After weeks of controversy, criticism and concerns of underwhelming attendance, more than 30,000 people answered Perry's call to a day of Christian prayer Saturday.
"In these difficult times, Father, we pray for our President. May you impart your wisdom upon him that you would guard his family," Perry prayed at the event.
Aside from the prayer for the president and a prayer for the military, Perry stayed away from politics. He said he would. And while many outside saw this as a very political event, attendees inside didn't.
"I don't look at him as my governor Rick Perry. I look at him as my brother -- Brother Rick Perry," attendee Kendall Baker said.
There were controversial groups there, including some accused of holding anti-gay views.
There were pro-life prayers, but homosexuality never came up, and neither did the presidency.
"As we go out of this place, I hope you'll continue to pray for our nation and our leaders," Perry said.
Potentially days away from a White House run, the event was not without risk. It was not without major controversy, either.
"It took a lot of courage in this political environment for the governor to step up and call for this day of prayer," Pastor Steve Riggle of Grace Church said. "I think it took a lot of courage for him to say, 'We're facing problems that are bigger than us.'"
Protestors lined the east side of Kirby Dr. most of the day, despite the scorching sun. At its height, maybe a hundred or so people were taking a stand against hate and a governor who they feel has overstepped his authority.
Daniel Cates was among the protestors.
"It's extraordinarily exclusionary. As a Christian, I'm appalled that my Jewish brothers and sisters, my and Muslim brothers and sisters were not invited to partake in something that should be about peace and love and bringing this nation together," Cates said.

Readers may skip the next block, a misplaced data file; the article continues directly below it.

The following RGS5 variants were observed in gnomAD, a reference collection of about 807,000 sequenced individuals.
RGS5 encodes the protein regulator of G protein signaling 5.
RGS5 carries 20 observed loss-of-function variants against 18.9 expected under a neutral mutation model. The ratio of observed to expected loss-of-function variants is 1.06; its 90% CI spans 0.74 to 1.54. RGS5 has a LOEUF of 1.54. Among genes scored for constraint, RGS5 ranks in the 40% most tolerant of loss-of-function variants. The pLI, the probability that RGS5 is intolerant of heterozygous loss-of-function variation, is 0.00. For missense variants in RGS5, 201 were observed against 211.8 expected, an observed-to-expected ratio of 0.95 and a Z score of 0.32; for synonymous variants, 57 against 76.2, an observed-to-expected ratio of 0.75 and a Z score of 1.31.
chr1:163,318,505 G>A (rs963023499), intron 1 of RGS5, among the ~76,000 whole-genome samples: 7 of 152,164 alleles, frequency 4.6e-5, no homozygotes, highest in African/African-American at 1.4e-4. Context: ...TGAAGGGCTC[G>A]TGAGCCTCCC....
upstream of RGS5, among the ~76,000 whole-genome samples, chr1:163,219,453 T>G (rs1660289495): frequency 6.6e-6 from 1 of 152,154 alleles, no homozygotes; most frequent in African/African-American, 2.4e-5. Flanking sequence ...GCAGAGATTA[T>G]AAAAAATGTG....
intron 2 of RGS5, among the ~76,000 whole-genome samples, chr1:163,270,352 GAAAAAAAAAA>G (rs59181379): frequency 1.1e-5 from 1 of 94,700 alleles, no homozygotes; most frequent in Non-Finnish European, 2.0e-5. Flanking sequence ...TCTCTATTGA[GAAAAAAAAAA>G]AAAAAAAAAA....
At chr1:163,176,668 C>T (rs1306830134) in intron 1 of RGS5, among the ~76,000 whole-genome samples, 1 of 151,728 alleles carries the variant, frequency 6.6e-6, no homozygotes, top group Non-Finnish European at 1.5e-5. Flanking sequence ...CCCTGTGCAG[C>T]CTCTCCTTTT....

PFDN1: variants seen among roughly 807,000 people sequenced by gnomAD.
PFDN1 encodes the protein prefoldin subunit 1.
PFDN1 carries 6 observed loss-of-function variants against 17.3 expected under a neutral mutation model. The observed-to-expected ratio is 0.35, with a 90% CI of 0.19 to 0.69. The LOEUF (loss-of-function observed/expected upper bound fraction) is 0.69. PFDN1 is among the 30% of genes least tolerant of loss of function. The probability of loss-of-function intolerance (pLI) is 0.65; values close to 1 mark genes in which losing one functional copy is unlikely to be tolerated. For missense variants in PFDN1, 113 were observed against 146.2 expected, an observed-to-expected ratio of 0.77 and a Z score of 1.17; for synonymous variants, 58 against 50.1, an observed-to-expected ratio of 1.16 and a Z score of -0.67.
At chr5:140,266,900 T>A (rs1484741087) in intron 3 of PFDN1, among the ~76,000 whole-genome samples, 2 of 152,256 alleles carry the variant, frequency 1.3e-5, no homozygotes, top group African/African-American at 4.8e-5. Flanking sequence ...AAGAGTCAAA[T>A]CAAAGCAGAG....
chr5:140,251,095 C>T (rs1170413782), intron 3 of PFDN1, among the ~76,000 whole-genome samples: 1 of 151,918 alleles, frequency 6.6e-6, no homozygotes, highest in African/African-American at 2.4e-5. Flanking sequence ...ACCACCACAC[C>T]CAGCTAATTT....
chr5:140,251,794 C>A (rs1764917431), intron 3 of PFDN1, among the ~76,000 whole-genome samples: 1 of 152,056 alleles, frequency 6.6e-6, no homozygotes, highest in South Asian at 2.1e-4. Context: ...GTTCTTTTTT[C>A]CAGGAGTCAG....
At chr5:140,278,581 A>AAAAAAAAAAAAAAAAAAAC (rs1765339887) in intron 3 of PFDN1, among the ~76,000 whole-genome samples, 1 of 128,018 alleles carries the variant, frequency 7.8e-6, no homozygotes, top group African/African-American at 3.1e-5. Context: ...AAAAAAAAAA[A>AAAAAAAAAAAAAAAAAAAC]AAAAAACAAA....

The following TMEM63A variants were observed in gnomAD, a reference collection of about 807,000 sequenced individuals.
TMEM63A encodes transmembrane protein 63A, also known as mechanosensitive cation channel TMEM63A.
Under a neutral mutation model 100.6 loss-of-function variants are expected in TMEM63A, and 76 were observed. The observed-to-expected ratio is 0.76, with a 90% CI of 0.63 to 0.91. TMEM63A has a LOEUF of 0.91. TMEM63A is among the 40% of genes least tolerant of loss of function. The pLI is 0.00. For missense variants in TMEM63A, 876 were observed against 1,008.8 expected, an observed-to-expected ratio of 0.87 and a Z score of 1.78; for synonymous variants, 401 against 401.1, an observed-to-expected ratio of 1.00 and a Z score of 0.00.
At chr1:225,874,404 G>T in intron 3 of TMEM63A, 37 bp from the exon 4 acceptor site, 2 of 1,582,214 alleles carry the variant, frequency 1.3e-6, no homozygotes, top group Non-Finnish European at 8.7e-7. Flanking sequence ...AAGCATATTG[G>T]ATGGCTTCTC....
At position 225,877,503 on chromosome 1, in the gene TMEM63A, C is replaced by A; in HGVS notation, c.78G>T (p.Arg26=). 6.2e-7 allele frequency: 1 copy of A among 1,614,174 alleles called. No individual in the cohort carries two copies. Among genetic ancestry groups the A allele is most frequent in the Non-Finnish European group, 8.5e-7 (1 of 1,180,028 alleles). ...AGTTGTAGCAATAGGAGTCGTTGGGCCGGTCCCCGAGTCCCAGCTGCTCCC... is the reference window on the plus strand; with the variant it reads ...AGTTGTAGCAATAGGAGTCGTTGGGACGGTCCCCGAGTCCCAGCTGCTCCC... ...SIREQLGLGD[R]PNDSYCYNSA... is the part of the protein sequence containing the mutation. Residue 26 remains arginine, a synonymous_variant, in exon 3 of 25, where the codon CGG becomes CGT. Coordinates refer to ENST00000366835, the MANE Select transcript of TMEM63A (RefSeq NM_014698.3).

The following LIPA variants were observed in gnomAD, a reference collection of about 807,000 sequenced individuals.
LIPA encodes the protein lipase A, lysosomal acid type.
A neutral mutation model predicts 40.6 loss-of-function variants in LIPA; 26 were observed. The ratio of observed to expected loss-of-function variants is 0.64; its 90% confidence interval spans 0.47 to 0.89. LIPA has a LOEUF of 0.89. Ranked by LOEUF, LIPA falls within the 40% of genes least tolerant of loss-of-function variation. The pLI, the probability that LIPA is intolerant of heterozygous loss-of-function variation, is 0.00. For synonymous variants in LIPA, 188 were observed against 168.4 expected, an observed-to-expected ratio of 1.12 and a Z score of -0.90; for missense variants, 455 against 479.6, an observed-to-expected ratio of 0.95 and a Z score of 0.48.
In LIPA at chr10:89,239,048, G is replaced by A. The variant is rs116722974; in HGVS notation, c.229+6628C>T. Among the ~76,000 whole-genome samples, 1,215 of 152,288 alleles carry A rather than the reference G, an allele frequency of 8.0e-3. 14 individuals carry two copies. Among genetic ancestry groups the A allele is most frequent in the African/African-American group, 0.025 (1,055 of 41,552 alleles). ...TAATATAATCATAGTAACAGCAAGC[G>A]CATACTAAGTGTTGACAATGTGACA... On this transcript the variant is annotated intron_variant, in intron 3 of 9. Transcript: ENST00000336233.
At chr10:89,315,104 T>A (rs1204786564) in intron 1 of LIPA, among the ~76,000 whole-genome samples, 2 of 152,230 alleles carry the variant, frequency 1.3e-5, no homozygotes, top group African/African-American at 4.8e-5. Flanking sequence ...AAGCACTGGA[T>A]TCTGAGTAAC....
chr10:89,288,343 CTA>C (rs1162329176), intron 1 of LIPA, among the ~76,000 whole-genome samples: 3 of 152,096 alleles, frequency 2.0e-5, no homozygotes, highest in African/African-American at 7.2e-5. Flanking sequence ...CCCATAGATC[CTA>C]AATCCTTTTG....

Some protested because one of the primary sponsors of the prayer rally was the American Family Association -- a group criticized by civil rights groups for anti-homosexual and other defamatory statements.
Others accuse Perry of using his office and this event for personal gain.
"I'm offended by the fact that my governor is using a prayer event in order to run for president," Jesse Handy said.
Some of those driving by shot thumbs-up to protestors. Others made other hand gestures.
Strangers brought water as a sign of solidarity, and we found that not all church leaders were inside.
Among the protestors was a pastor -- Dan Deleon from College Station.
"The governor could probably be doing a lot more good governing the state of Texas instead of trying to put together prayer rallies," Deleon said.
Perry posted a thank-you to supporters on his Twitter account late Saturday.
"Made it home from Houston," he tweeted. "Thanks to all who made today a resounding success. The atmosphere was awesome. Proud to have been involved!!"